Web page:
There is much evidence that the standard American diet—centered on animal and processed foods—is fueling chronic diseases, and that a whole food, plant-based diet is the healthiest way to eat and increase life expectancy. However, knowing the extraordinary benefits of plant-centered eating often does not translate into sustained practice. If you are transitioning to a plant-centered diet, here are eight steps to make the change less overwhelming and substantially more successful.
1. Know Your Purpose
What motivates you to want to change? People who have a clear vision of why they want to make changes are much more likely to follow through with establishing new habits. (My purpose was I really didn’t want cancer to return!) Setting a personal and meaningful reason for changing your eating patterns will help solidify the commitment and perseverance needed to create lifelong habits.
Consider working with another person as you make changes. A like-minded partner will help you follow through with intentions and make your food journey more enjoyable. Grocery shopping and experimenting with recipes can be more fun with a friend or family member, and a partner can also be an invaluable source of moral support as you make the transition.
3. Start Small
Don’t expect to master the full scope of plant-based eating immediately. Begin with a small, concrete step that you can put into action now. Focus on something that’s practical and meaningful for you. For example, sautéing with water instead of oil, using a plant-based milk, or eating plant-based meals for one week. Concentrating on smaller, achievable steps will help you avoid feeling overwhelmed or paralyzed into inaction.
As you move along, think about what does and does not work for you and what you want to tweak. Share these results with your partner or support group. Know that you are more apt to follow through with change if you are mindful of successes—and failures—and share these with others.
5. Use Resources
There are a host of expert organizations, professionals, materials, and groups committed to educating and supporting your transition to plant-based eating. Examples are the 21-Day Vegan Kickstart from PCRM, frozen plant-based meals from PlantPure Nation, and 7-Day Plant-Based Kickstart, recipes, and cooking tips from the T. Colin Campbell Center for Nutrition Studies.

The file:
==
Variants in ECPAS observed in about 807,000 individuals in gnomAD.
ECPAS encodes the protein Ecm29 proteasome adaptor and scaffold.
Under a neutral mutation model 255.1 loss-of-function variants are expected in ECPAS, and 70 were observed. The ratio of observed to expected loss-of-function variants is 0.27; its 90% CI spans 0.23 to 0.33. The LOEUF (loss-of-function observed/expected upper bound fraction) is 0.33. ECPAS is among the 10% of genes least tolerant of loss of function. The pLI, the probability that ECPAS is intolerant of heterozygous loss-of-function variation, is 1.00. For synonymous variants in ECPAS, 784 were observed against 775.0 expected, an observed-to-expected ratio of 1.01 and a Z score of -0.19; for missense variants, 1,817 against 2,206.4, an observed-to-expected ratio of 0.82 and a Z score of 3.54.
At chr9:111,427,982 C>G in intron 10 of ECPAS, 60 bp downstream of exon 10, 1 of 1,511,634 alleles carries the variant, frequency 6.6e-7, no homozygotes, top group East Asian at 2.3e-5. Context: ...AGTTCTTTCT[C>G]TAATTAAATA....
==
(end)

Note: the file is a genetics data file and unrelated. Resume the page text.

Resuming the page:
Feeling isolated and without support is the main reason plant-based eaters revert to animal foods.
6. Anticipate Obstacles
Social customs often work against maintaining a plant-based lifestyle. Therefore, expect that your dietary change will result in challenging situations. Think ahead to circumstances you’ll likely face during upcoming family holidays and celebrations, work situations, and social gatherings. This will help you feel prepared and emboldened. After all, you don’t want others’ expectations to weaken your dedication to this healthful lifestyle.
7. Find a Support Group
Feeling isolated and without support is the main reason plant-based eaters revert to animal foods. Therefore, do seek a support network. Both face-to-face and online communities are great tools for motivating, educating, and sharing. Search for local meet-up events, nearby festivals, adult education classes, and cooking demonstrations. Seek online communities, such as PlantPure Communities Pods and groups on Facebook. Being part of a plant-based community can be key to sustaining your plant-based lifestyle.
Celebrate any and all changes you make to better your health. Focus on the self-satisfaction that comes from instilling simple yet significant changes. And do be patient with yourself. Know that trying out ideas and creating new habits takes time. Accept missteps, and then move on—it will be worth it!
Copyright 2023 Center for Nutrition Studies. All rights reserved.
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